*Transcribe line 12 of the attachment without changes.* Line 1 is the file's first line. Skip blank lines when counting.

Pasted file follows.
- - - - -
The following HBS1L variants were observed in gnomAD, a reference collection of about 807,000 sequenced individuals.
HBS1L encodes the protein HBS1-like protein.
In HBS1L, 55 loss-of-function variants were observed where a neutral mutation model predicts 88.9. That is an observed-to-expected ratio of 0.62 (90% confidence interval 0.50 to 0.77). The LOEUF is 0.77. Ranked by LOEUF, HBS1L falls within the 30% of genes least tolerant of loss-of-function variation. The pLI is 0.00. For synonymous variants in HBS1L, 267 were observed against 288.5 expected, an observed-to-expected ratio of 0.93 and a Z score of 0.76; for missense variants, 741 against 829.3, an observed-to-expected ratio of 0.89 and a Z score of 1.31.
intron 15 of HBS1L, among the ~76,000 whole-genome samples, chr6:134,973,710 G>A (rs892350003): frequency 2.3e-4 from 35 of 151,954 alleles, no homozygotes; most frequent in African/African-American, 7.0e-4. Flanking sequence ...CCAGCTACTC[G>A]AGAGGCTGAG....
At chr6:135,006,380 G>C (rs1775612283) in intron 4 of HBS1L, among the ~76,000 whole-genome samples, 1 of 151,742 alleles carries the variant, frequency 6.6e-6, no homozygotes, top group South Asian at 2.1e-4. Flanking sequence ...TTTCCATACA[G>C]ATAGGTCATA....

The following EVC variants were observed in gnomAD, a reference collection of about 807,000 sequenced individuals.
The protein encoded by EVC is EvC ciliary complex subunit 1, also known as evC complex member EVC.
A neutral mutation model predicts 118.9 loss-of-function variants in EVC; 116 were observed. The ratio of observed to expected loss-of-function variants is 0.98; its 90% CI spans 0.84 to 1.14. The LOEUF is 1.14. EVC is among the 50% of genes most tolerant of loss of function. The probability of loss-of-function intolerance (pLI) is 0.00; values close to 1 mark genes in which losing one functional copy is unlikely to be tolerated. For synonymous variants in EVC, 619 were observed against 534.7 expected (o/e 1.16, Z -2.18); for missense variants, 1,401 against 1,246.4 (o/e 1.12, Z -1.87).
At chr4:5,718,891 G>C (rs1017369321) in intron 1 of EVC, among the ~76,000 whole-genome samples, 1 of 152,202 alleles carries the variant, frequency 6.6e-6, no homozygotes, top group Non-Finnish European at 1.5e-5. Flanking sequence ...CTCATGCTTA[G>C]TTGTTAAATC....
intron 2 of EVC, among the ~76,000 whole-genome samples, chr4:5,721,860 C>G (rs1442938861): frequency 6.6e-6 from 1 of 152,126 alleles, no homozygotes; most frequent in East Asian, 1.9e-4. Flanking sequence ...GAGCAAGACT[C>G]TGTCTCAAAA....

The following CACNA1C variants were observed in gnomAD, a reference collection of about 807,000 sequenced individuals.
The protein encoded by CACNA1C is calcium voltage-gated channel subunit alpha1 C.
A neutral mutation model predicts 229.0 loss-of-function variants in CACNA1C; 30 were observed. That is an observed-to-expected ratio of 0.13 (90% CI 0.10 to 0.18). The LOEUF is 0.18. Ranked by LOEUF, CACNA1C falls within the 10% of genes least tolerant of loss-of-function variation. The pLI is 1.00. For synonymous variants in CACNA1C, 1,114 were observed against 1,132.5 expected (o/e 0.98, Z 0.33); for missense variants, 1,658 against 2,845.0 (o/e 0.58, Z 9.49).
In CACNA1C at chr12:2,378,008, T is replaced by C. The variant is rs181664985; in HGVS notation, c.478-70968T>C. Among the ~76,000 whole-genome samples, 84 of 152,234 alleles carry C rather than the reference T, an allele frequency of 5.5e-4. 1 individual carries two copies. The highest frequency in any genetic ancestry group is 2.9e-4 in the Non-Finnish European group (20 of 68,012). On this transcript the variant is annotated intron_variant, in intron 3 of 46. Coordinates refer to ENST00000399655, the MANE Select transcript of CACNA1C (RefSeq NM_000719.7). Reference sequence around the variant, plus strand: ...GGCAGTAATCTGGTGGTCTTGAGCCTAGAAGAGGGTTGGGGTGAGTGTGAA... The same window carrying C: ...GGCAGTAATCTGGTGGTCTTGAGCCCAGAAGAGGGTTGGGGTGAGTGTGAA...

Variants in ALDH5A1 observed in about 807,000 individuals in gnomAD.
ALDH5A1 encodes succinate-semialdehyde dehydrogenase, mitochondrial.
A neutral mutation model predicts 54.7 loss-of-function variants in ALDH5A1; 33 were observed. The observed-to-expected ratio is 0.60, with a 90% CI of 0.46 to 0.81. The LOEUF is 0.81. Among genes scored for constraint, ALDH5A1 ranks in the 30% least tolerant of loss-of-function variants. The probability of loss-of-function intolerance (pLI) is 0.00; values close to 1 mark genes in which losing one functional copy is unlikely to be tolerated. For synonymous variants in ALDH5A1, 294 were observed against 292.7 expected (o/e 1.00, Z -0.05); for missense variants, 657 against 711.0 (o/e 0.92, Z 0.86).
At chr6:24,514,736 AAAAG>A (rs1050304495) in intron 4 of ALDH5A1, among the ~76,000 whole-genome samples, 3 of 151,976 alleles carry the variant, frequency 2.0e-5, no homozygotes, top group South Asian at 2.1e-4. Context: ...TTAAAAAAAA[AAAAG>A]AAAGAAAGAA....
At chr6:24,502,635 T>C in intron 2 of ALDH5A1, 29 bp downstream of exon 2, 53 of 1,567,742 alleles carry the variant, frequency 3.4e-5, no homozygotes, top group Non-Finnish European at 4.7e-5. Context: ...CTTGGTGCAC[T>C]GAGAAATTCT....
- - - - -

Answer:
The protein encoded by CACNA1C is calcium voltage-gated channel subunit alpha1 C.